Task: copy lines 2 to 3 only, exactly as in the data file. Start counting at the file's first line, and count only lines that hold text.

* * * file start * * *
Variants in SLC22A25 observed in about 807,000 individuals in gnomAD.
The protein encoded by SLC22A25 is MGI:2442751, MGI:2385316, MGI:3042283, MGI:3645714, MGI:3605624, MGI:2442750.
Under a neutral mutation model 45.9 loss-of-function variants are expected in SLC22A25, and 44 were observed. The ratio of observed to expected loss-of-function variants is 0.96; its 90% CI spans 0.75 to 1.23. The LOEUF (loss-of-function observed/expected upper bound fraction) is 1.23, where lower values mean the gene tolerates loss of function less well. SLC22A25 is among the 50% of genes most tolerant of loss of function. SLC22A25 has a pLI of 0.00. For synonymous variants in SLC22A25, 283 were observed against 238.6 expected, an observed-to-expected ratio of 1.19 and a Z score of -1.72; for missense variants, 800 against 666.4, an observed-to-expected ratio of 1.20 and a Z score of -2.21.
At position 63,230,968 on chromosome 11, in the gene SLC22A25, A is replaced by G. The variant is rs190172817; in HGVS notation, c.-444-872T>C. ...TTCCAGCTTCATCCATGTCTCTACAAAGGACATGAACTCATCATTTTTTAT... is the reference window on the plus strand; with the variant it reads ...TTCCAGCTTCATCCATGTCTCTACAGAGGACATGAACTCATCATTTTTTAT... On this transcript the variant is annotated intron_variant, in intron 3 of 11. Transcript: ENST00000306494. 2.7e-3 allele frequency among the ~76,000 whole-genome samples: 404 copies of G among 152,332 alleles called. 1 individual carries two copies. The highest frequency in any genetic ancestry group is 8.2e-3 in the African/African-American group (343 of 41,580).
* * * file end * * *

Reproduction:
The protein encoded by SLC22A25 is MGI:2442751, MGI:2385316, MGI:3042283, MGI:3645714, MGI:3605624, MGI:2442750.
Under a neutral mutation model 45.9 loss-of-function variants are expected in SLC22A25, and 44 were observed. The ratio of observed to expected loss-of-function variants is 0.96; its 90% CI spans 0.75 to 1.23. The LOEUF (loss-of-function observed/expected upper bound fraction) is 1.23, where lower values mean the gene tolerates loss of function less well. SLC22A25 is among the 50% of genes most tolerant of loss of function. SLC22A25 has a pLI of 0.00. For synonymous variants in SLC22A25, 283 were observed against 238.6 expected, an observed-to-expected ratio of 1.19 and a Z score of -1.72; for missense variants, 800 against 666.4, an observed-to-expected ratio of 1.20 and a Z score of -2.21.